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Editorial: For the public's health

New York State lawmakers acted in the best interest of public health last week when they approved a measure to end the practice of some parents citing religious beliefs as a justification for failing to vaccinate their children against potentially deadly and fast-spreading diseases such as measles.

The Assembly approved the measure last Thursday in the midst of outcry from demonstrators, many with small children in strollers. The State Senate vote a couple of hours later occurred with “far less drama” in an approval by a 36-26 margin. Gov. Andrew M. Cuomo signed the bill into law that evening.

This issue has never been about one child or a few but the whole community. It should not be lost or forgotten that there are children with compromised immune systems who would be at risk in schools or day care centers in the absence of the “herd immunity” that broadly administered vaccinations provide. That concept states that 83% to 94% of a given population needs to be vaccinated to prevent disease from festering and spreading.

That’s not happening today as an unthinking anti-vaccination movement spreads measles around the country, with New York City as its ground zero. The U.S. Centers for Disease Control and Prevention recently said that 1,022 measles cases have been reported in 28 states, the most in 27 years – and after measles was declared eradicated in 2000. The reason: People have become lax or frightened or confused about vaccinations.

Medical professionals have written opinion pieces in this newspaper touting the public health benefits of vaccination. Yet some parents, referred to as “anti-vaxxers,” who refuse to get their children vaccinated, showed up in large numbers at the State Capitol. They wanted to know why their rights were being taken.

Here’s why: They are making other people sick. All rights have limits, and it is unreasonable to suggest that religious freedom includes the right to spread disease.

State Sen. Brad Hoylman, a Manhattan Democrat and sponsor of the measure in the State Senate, did a good job in framing the argument: “Just as you don’t have a right to yell ‘fire’ in a crowded theater you don’t have a right not to vaccinate your child because of misinformation you may have received masking as a religious tenet.”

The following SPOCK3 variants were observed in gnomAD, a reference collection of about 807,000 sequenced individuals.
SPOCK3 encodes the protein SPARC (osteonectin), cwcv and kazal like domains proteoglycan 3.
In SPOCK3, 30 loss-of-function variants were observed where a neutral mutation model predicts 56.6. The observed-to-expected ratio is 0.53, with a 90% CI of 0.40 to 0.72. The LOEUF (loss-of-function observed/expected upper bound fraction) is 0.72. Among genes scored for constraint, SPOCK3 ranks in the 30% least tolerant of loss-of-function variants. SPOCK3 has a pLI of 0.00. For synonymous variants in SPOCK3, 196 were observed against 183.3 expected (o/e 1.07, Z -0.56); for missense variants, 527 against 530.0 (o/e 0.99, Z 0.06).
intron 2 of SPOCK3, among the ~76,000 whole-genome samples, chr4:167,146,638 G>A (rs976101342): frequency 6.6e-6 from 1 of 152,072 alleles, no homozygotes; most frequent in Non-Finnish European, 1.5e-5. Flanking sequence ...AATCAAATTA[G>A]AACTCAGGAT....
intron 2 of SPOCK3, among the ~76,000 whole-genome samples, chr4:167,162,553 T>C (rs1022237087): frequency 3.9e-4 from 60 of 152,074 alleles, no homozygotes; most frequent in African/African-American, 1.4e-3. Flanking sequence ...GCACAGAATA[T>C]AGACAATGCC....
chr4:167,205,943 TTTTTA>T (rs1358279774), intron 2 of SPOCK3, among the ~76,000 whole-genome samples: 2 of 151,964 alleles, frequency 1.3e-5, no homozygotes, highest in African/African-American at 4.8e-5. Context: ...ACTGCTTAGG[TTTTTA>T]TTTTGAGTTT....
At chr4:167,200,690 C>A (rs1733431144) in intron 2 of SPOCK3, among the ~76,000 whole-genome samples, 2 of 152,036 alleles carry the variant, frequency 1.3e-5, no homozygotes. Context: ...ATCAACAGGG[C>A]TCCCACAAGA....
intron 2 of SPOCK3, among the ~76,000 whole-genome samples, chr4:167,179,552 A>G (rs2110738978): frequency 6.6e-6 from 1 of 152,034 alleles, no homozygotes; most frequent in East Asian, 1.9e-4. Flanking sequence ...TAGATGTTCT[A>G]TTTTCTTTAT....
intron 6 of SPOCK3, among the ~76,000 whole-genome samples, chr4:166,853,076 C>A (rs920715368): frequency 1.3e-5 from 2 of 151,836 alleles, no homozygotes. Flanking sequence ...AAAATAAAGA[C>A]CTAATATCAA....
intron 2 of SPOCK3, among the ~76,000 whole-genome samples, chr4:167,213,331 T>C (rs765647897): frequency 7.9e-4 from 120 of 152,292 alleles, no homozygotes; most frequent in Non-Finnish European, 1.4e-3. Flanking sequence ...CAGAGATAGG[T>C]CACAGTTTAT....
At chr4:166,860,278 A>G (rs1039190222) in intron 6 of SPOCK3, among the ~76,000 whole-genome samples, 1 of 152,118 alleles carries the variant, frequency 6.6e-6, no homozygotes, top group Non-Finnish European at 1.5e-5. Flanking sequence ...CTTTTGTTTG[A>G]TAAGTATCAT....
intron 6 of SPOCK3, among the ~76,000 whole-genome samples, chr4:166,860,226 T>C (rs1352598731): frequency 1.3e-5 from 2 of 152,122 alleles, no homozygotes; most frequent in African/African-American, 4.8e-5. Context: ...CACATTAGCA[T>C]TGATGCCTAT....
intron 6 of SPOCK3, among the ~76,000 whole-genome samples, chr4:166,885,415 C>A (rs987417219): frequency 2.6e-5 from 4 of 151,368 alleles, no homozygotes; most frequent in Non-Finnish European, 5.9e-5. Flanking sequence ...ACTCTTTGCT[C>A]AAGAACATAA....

The bill, sponsored by Hoylman and in the Assembly by Bronx Democrat Jeffrey Dinowitz, removes religious beliefs as an exemption that parents can use to keep their children from getting vaccinations in order to attend school or day care. Up until now, parents could fill out a form and declare their religious opposition, putting school principals in what Hoylman accurately called “an impossible position.” Passage of the bill, slim as it was, should help douse what became a microbial conflagration around the country and especially here in New York.

Reasons not to vaccinate ranged from religion to a discredited theory that vaccinations cause autism. Among those refuting that destructive believe is the U.S. Centers for Disease Control and Prevention.

Still, Julie O’Shea, a Nassau County mother of two children with religious exemptions, declares, “It’s not a socialist country.” No, it is not, but public health takes precedence, despite the following statements by local lawmakers Niagara Falls Republican Assemblyman Angelo Morinello: “ … We seem to want to regulate everything here,” or Democratic Assemblyman Robin Schimminger of Kenmore, who said the bill “chips away and diminishes our protections of religious liberty in our state.”

Nonsense. Those parents can still home-school their children. They haven’t lost their right not to vaccinate, only their right to make others pay the price for their unhealthy decision. As Cuomo observed: “It’s a public health crisis. I understand freedom of religion. We all do. We respect it. I’ve heard the anti-vaxxers’ theory, but I believe both are overwhelmed by the public health risk.” This new law will save children’s lives.

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